The Southern Nevada Health District continues to track cases of syphilis. In 2017, Nevada ranked first in rates of primary and secondary syphilis, and second in the nation for rates of congenital syphilis. Clark County’s rates are highest in the state. The rate of syphilis is higher in men, however, there has been a significant increase in cases among pregnant women. In Clark County, cases of congenital syphilis increased to 24 reported in 2018 from 20 in 2017, and 9 in 2016.
According to the Centers for Disease Control and Prevention (CDC), in 2017 the number of congenital syphilis cases reached its highest level since 1997.
As part of its efforts to combat the increase in syphilis, the Health District is urging health care providers, especially those who treat young men or pregnant women to immediately report a syphilis diagnosis to the Health District and begin prompt treatment for patients and their partners. For information, visit the Health District’s Sexual Health Clinic webpage or call (702) 759-0702. Additional information is available on the CDC’s Sexually Transmitted Diseases (STDs) Syphilis webpage.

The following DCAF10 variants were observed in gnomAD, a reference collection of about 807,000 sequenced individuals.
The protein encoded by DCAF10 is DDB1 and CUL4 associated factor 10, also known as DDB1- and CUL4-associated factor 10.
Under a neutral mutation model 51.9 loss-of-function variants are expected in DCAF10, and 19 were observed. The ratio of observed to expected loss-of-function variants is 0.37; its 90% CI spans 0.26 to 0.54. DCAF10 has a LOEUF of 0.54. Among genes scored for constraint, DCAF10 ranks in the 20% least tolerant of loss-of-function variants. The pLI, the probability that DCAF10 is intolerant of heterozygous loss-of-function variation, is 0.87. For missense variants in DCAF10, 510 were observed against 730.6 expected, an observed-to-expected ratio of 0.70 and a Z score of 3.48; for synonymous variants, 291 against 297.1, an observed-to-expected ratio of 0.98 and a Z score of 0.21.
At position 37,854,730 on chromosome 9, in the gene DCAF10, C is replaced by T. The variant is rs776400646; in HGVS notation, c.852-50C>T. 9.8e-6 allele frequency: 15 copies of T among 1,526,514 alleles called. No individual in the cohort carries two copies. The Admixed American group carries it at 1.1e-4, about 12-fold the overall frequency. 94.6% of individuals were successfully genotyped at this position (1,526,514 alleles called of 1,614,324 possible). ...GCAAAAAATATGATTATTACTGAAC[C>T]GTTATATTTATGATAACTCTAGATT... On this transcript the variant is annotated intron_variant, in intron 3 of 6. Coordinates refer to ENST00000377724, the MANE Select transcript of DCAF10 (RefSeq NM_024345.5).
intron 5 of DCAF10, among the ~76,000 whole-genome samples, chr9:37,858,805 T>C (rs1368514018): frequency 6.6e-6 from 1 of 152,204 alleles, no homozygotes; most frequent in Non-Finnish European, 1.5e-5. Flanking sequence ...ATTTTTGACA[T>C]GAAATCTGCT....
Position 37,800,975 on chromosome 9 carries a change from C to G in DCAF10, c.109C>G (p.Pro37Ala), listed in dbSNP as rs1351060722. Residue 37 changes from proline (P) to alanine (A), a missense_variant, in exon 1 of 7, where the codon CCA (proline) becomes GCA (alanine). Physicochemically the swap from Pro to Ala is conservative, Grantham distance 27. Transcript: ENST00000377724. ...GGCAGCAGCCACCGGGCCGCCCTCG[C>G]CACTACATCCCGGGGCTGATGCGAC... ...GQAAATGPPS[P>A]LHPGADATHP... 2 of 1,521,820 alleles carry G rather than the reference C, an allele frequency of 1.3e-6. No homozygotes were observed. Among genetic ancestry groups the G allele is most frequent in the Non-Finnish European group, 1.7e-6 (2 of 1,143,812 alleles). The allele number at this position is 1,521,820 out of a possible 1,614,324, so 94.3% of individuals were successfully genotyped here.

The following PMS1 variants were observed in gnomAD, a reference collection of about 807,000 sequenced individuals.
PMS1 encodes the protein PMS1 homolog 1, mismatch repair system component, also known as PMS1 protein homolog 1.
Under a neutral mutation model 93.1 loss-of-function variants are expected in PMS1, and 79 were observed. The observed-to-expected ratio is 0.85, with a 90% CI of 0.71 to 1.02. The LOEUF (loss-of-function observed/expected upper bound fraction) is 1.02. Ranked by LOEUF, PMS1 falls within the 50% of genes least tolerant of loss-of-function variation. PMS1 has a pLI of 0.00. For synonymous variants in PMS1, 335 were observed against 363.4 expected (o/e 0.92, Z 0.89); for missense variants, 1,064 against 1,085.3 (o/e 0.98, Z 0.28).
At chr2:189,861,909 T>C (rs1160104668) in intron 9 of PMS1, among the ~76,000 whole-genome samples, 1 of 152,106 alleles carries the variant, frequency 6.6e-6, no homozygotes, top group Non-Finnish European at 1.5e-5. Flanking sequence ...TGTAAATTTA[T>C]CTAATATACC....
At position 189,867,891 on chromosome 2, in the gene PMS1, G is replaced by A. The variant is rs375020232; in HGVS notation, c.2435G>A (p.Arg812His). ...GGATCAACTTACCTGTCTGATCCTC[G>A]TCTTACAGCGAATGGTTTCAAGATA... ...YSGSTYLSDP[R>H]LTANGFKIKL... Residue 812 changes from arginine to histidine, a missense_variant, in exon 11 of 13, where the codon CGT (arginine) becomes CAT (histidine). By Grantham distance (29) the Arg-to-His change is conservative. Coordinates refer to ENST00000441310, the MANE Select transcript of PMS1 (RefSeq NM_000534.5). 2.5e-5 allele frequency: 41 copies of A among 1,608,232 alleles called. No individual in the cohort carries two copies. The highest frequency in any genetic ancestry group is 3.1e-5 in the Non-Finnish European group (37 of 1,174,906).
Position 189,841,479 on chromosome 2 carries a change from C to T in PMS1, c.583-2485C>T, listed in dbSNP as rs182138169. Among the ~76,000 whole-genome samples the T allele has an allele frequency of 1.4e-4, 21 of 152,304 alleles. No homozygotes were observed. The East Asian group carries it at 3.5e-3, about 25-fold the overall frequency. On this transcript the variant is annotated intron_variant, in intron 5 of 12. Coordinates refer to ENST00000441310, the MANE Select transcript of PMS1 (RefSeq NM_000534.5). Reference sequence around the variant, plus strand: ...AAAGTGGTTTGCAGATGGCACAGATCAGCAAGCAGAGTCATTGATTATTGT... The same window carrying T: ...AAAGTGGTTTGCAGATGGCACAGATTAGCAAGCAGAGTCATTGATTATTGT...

There are several stages of syphilis. Primary and secondary syphilis will respond to treatment. If untreated, the infection can be transmitted to others. The next stage is latent syphilis, which causes no symptoms and can only be detected with a blood test. If untreated, latent syphilis continues for life and can progress to the final stage, called late (tertiary) syphilis. Although a person with late-stage syphilis is no longer experiencing symptoms of primary and secondary stages, syphilis will begin to impact internal organs and cause neurological problems as well.
Syphilis is easily treated, but without treatment it can cause serious health complications. Knowing your risk for developing syphilis and what you can do to protect yourself is the best way to prevent syphilis.
Updated on: April 16, 2019